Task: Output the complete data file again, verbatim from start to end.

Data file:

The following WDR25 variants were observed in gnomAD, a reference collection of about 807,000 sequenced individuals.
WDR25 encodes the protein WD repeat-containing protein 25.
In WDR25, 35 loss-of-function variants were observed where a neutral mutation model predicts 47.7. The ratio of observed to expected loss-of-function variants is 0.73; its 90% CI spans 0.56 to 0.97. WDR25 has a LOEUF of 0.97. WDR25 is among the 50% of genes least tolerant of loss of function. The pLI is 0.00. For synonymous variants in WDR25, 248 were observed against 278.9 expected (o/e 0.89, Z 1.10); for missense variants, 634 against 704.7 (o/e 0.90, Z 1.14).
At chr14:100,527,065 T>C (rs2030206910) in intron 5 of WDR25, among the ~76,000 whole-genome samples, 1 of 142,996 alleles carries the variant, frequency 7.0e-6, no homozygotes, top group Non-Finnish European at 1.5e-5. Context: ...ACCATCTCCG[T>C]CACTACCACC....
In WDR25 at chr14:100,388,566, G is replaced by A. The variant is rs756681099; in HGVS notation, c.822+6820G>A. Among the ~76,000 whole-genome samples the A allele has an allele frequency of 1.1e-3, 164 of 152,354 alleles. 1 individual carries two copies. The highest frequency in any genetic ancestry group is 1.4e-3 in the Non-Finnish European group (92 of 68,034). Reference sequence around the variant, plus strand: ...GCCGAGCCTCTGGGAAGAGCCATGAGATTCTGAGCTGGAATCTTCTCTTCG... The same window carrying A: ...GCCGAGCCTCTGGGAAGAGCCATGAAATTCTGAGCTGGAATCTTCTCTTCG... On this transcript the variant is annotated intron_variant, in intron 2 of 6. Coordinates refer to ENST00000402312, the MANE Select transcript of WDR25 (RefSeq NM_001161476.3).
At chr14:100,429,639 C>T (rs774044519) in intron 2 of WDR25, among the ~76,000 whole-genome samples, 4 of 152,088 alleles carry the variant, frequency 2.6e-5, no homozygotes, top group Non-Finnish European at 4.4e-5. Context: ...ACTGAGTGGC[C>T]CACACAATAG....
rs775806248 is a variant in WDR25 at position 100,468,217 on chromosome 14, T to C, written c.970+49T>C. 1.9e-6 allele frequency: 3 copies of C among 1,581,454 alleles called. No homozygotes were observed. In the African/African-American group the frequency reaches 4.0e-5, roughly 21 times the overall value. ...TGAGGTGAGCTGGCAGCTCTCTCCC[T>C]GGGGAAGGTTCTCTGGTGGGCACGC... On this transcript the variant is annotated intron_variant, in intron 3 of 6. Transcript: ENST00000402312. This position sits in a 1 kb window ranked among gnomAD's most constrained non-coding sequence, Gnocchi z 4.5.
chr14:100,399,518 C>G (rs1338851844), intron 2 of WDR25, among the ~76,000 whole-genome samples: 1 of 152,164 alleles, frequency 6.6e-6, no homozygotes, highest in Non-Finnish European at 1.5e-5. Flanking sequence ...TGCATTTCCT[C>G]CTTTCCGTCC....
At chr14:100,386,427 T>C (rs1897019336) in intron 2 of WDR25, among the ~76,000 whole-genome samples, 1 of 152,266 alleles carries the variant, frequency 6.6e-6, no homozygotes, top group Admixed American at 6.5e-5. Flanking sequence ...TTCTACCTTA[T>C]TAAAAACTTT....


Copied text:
The following WDR25 variants were observed in gnomAD, a reference collection of about 807,000 sequenced individuals.
WDR25 encodes the protein WD repeat-containing protein 25.
In WDR25, 35 loss-of-function variants were observed where a neutral mutation model predicts 47.7. The ratio of observed to expected loss-of-function variants is 0.73; its 90% CI spans 0.56 to 0.97. WDR25 has a LOEUF of 0.97. WDR25 is among the 50% of genes least tolerant of loss of function. The pLI is 0.00. For synonymous variants in WDR25, 248 were observed against 278.9 expected (o/e 0.89, Z 1.10); for missense variants, 634 against 704.7 (o/e 0.90, Z 1.14).
At chr14:100,527,065 T>C (rs2030206910) in intron 5 of WDR25, among the ~76,000 whole-genome samples, 1 of 142,996 alleles carries the variant, frequency 7.0e-6, no homozygotes, top group Non-Finnish European at 1.5e-5. Context: ...ACCATCTCCG[T>C]CACTACCACC....
In WDR25 at chr14:100,388,566, G is replaced by A. The variant is rs756681099; in HGVS notation, c.822+6820G>A. Among the ~76,000 whole-genome samples the A allele has an allele frequency of 1.1e-3, 164 of 152,354 alleles. 1 individual carries two copies. The highest frequency in any genetic ancestry group is 1.4e-3 in the Non-Finnish European group (92 of 68,034). Reference sequence around the variant, plus strand: ...GCCGAGCCTCTGGGAAGAGCCATGAGATTCTGAGCTGGAATCTTCTCTTCG... The same window carrying A: ...GCCGAGCCTCTGGGAAGAGCCATGAAATTCTGAGCTGGAATCTTCTCTTCG... On this transcript the variant is annotated intron_variant, in intron 2 of 6. Coordinates refer to ENST00000402312, the MANE Select transcript of WDR25 (RefSeq NM_001161476.3).
At chr14:100,429,639 C>T (rs774044519) in intron 2 of WDR25, among the ~76,000 whole-genome samples, 4 of 152,088 alleles carry the variant, frequency 2.6e-5, no homozygotes, top group Non-Finnish European at 4.4e-5. Context: ...ACTGAGTGGC[C>T]CACACAATAG....
rs775806248 is a variant in WDR25 at position 100,468,217 on chromosome 14, T to C, written c.970+49T>C. 1.9e-6 allele frequency: 3 copies of C among 1,581,454 alleles called. No homozygotes were observed. In the African/African-American group the frequency reaches 4.0e-5, roughly 21 times the overall value. ...TGAGGTGAGCTGGCAGCTCTCTCCC[T>C]GGGGAAGGTTCTCTGGTGGGCACGC... On this transcript the variant is annotated intron_variant, in intron 3 of 6. Transcript: ENST00000402312. This position sits in a 1 kb window ranked among gnomAD's most constrained non-coding sequence, Gnocchi z 4.5.
chr14:100,399,518 C>G (rs1338851844), intron 2 of WDR25, among the ~76,000 whole-genome samples: 1 of 152,164 alleles, frequency 6.6e-6, no homozygotes, highest in Non-Finnish European at 1.5e-5. Flanking sequence ...TGCATTTCCT[C>G]CTTTCCGTCC....
At chr14:100,386,427 T>C (rs1897019336) in intron 2 of WDR25, among the ~76,000 whole-genome samples, 1 of 152,266 alleles carries the variant, frequency 6.6e-6, no homozygotes, top group Admixed American at 6.5e-5. Flanking sequence ...TTCTACCTTA[T>C]TAAAAACTTT....